How to Be A Collaborative and Influential Leader (Using Body Language)

November 4, 2019

How to Be A Collaborative and Influential Leader (Using Body Language)

Think of the best leaders you know. They stand tall, hold eye contact, and use their hands to make a point—all body language cues that signal confidence and authority. 

But in today’s collaborative workplace culture, you may also notice that strong leaders communicate empathy and warmth. It’s not an easy balance. 

It’s a move from “command and control” to “influence and include,” says workplace body-language expert Carol Kinsey Goman, PhD in her course Body Language for Leaders

Try these simple strategies to ensure your body language projects the authority and empathy your organization is looking for in a leader. 

Learn how to be a collaborative and influential leader in this course from expert Carol Kinsey Goman.

#1 Keep your body relaxed 

“Leaders with open body language are perceived more positively, and are more persuasive,” says Kinsey Goman.

Convey you’re receptive by uncrossing your arms and legs. You can also use gestures—for example, hands out in front of you with palms exposed—to present yourself as warm and engaged. (If your hands remain still or hang stiffly by your side, you’re more likely to be seen as indifferent or cold.)

#2 Lean forward

Leaning forward is a great way to show you’re engaged and interested, particularly when you’re sitting down. Sitting back can be seen as a sign of disinterest or negativity, so remind yourself to lean in to the conversation!

#3 Face people directly

“When it comes to the body language of inclusion, facing people directly when they're talking is crucial,” says Kinsey Goman.

Rotating your shoulders even a quarter turn away signals a lack of interest and can make the speaker shut down. So when you notice this happening, square up your shoulders and orient your body toward the people you’re speaking with.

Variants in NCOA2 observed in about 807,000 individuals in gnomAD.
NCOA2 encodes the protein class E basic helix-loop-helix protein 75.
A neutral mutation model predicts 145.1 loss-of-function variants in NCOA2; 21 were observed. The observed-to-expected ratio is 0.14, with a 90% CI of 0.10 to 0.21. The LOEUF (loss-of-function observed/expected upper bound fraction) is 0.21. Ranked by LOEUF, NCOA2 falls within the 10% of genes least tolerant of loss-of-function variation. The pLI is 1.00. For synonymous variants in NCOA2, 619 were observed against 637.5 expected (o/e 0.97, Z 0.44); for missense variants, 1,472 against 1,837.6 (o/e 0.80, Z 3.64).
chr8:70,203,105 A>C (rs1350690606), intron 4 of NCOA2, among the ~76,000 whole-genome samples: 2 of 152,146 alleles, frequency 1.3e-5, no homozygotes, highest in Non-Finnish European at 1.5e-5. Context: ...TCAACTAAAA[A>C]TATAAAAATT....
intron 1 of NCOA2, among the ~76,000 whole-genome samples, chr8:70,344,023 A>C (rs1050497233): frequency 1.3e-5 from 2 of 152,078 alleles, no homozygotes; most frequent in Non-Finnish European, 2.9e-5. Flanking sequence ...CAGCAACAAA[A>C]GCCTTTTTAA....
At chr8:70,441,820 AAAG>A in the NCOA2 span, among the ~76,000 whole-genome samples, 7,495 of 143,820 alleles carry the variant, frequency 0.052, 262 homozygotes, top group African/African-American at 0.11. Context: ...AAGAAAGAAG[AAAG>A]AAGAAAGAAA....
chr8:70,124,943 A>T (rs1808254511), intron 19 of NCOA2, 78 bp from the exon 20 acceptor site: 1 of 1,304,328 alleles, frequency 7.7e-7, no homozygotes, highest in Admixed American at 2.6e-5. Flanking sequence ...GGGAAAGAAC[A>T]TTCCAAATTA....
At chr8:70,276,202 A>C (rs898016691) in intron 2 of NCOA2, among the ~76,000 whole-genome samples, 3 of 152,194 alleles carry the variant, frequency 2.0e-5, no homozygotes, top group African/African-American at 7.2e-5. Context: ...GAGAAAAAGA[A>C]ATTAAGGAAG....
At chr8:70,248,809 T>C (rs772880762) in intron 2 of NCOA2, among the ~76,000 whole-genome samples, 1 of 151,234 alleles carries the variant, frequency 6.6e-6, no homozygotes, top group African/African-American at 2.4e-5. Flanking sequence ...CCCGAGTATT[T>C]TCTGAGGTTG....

Remember to also remove anything that creates a barrier between you and others, and move your laptop, purse or briefcase to the side. 

#4 Mirror

Mirroring—or matching another person’s stance, gestures, and facial expressions—is another non-verbal way of building connection.

Oftentimes, this is done subconsciously around people you genuinely like and agree with. The trick is to adopt it in less agreeable interactions. 

Challenge yourself to mirror the body language of someone you disagree with, and see if it helps foster a different level of understanding.

#5 Nod along

People will talk three to four times more than usual when the listener nods their head. So the 

next time you want to encourage a new team member or shy colleague to keep talking, try nodding your head using clusters of three nods. 

Head tilting—the universal sign of ‘giving someone your ear’—is another positive cue that you’re listening closely to the speaker. 

#6 Be present

If you think it makes you look important or productive to constantly check your smartphone or scroll through emails on your laptop, think again. Not only is it rude and distracting, but it makes you lose all credibility once you finally decide to join the conversation. 

As Kinsey Goman explains, “You can't project leadership presence if you aren't perceived as being present.”

Commit to staying present in every meeting and conversation by actively listening, making positive eye contact, and managing your body language to communicate you’re coming from a place of both authority and empathy.

Check out Carol Kinsey Goman’s course, Body Language for Leaders, for more resources on how body language can help you make a positive first impression, convey confidence, and communicate effectively in different cultural settings.

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